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Dioscorea sylvatica

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The large one in Copenhagen Botanical Garden.

Wild one from Greater St. Lucia Wetland Park, South Africa.

This is what you see, and only few centimetres down:

Seedlings of D. s. var. paniculata by Enrico Santimaria.

Author:  Christian Friedrich Ecklon, 1908
Origin:  Eswatini, South Africa, Zambia, Zimbabwe
Soil:  Mix
Water:  Medium
Sun:  Medium
Thickness:  40-100 Centimetres
Height:  4 Meters
Flower:  Light Green
Propagate:  Seeds/Cuttings
Names:  Ingwevu, Ufudu - intelezi, Ugebeleweni (zulu), Elephant´s Foot.
Synonyms:  Testudinaria sylvatica, Knuth, 1850.
Dioscorea brevipes, Burtt Davy.
Dioscorea hederifolia,
Dioscorea marlothii,
Dioscorea rehmannii,
Dioscorea sylvatica
subsp. lydenbergensis, Blunden, Hardman & F.J.Hind.
Testudinaria glaucescens,
Testudinaria multiflora,
Testudinaria paniculata,
Testudinaria rehmannii,
Testudinaria sylvatica
var. brevipes, G.D.Rowley.
Testudinaria sylvatica
var. lydenbergensis, G.D.Rowley.
Testudinaria sylvatica
var. multiflora, G.D.Rowley.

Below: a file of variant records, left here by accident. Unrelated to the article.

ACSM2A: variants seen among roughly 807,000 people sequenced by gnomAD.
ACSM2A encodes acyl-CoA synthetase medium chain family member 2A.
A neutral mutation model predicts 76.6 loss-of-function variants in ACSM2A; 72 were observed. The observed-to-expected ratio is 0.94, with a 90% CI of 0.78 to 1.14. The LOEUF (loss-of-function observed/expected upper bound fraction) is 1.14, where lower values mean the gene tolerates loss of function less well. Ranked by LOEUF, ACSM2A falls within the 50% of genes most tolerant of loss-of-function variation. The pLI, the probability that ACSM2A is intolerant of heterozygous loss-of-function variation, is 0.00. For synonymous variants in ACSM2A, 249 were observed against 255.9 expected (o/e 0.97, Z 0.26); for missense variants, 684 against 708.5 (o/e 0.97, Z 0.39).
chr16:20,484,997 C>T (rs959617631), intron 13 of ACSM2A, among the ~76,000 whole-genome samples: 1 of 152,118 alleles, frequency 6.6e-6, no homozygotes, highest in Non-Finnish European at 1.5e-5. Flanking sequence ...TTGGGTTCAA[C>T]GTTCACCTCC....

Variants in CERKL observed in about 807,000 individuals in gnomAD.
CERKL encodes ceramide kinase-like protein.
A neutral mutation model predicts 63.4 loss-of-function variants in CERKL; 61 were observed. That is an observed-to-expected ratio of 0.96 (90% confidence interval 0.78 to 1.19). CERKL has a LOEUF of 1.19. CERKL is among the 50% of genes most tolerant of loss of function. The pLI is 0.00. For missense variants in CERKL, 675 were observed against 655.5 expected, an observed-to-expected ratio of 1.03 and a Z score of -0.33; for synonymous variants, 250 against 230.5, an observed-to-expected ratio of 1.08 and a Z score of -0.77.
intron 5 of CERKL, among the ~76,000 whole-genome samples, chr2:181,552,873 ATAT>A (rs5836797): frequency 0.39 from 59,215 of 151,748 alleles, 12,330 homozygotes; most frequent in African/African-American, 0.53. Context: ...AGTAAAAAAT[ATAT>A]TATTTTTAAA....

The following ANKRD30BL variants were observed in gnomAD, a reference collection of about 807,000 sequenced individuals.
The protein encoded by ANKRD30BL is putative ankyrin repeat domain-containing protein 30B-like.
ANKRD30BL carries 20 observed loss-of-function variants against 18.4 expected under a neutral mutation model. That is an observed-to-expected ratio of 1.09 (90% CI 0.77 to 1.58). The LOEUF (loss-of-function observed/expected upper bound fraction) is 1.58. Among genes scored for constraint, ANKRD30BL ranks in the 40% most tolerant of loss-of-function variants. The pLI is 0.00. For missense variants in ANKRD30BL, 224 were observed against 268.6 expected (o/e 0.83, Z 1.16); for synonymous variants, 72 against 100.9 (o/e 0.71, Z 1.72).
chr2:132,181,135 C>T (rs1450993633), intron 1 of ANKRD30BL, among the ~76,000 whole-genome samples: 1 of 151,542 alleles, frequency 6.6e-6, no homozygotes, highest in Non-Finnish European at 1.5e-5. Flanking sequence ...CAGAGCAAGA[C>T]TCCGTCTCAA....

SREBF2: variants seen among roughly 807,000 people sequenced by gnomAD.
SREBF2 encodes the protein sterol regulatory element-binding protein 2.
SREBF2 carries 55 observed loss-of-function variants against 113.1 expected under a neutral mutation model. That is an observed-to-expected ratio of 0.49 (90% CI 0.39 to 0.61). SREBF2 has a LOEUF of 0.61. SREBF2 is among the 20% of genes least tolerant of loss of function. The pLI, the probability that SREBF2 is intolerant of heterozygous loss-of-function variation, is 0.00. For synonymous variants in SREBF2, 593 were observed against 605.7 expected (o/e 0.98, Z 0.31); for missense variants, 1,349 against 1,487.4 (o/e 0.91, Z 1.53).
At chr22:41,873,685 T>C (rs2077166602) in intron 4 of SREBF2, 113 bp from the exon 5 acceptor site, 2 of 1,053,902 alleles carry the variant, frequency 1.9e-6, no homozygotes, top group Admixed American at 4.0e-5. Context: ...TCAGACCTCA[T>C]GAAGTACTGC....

Testudinaria sylvatica
var. paniculata, G.D.Rowley.
Testudinaria sylvatica
var. rehmannii, G.D.Rowley.

This member of the Dioscoreaceae family was given this name by Christian Friedrich Ecklon in 1908. It is found in Eswatini, South Africa, Zambia and Zimbabwe. It is growing in a well-drained soil with some water and some sun. The caudex grows quiet flat, with "balconies" 40 centimetres or more in diameter. The vines reach for five meters. The flowers are light green, and it can be reproduced by cuttings as well.

Dioscorea is named after Pedianos Dioscorides, a Greek physician if the 1st century A.D. The species name means 'growing in woods and forests'.

Strange looking caudex from
Göteborg Lustgårdar. It might be D. s. var. paniculata, Burkill.

Figured that out, when I got this photo from Enrico Santimaria.

Male flowers.

The sorry remains of the fruits.